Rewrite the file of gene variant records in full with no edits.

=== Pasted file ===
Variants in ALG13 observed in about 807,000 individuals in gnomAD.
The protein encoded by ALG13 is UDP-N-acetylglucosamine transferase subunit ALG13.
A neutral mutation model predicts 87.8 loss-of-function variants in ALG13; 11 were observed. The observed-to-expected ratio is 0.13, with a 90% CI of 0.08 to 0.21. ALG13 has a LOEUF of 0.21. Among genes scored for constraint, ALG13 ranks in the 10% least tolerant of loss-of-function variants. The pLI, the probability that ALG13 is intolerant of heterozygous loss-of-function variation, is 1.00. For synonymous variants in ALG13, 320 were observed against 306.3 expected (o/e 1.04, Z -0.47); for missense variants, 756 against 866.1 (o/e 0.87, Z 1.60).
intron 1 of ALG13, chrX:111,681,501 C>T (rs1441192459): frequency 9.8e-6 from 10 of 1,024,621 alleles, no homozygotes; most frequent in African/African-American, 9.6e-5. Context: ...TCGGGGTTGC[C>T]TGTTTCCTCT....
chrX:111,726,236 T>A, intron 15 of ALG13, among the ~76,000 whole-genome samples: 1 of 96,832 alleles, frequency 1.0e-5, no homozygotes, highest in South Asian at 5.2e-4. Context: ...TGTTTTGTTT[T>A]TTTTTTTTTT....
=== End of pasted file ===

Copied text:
Variants in ALG13 observed in about 807,000 individuals in gnomAD.
The protein encoded by ALG13 is UDP-N-acetylglucosamine transferase subunit ALG13.
A neutral mutation model predicts 87.8 loss-of-function variants in ALG13; 11 were observed. The observed-to-expected ratio is 0.13, with a 90% CI of 0.08 to 0.21. ALG13 has a LOEUF of 0.21. Among genes scored for constraint, ALG13 ranks in the 10% least tolerant of loss-of-function variants. The pLI, the probability that ALG13 is intolerant of heterozygous loss-of-function variation, is 1.00. For synonymous variants in ALG13, 320 were observed against 306.3 expected (o/e 1.04, Z -0.47); for missense variants, 756 against 866.1 (o/e 0.87, Z 1.60).
intron 1 of ALG13, chrX:111,681,501 C>T (rs1441192459): frequency 9.8e-6 from 10 of 1,024,621 alleles, no homozygotes; most frequent in African/African-American, 9.6e-5. Context: ...TCGGGGTTGC[C>T]TGTTTCCTCT....
chrX:111,726,236 T>A, intron 15 of ALG13, among the ~76,000 whole-genome samples: 1 of 96,832 alleles, frequency 1.0e-5, no homozygotes, highest in South Asian at 5.2e-4. Context: ...TGTTTTGTTT[T>A]TTTTTTTTTT....